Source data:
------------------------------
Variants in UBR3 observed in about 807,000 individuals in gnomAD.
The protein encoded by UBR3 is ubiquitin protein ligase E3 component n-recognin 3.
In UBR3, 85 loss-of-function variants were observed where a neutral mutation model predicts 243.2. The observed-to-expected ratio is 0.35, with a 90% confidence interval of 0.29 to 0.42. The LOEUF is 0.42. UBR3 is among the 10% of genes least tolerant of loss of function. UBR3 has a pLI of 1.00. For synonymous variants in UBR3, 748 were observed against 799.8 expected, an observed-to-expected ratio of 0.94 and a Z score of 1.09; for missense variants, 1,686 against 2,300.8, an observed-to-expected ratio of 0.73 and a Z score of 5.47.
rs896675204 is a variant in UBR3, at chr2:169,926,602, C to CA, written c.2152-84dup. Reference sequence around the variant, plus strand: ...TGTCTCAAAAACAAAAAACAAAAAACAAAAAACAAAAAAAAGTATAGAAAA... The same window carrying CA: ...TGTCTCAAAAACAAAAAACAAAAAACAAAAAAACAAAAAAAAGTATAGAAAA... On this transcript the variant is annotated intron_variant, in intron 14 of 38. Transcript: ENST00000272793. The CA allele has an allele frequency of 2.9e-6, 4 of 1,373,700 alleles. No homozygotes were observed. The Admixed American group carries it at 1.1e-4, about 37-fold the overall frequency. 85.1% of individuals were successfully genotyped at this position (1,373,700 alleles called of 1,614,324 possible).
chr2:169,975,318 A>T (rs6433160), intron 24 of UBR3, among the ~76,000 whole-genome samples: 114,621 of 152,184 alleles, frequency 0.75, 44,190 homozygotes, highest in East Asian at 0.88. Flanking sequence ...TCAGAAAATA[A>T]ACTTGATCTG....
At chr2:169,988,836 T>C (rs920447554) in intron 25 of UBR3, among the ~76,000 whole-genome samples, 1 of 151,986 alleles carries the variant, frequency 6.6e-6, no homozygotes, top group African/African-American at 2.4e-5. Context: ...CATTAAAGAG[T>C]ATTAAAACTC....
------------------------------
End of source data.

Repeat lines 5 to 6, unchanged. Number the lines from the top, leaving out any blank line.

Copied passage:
chr2:169,975,318 A>T (rs6433160), intron 24 of UBR3, among the ~76,000 whole-genome samples: 114,621 of 152,184 alleles, frequency 0.75, 44,190 homozygotes, highest in East Asian at 0.88. Flanking sequence ...TCAGAAAATA[A>T]ACTTGATCTG....
At chr2:169,988,836 T>C (rs920447554) in intron 25 of UBR3, among the ~76,000 whole-genome samples, 1 of 151,986 alleles carries the variant, frequency 6.6e-6, no homozygotes, top group African/African-American at 2.4e-5. Context: ...CATTAAAGAG[T>C]ATTAAAACTC....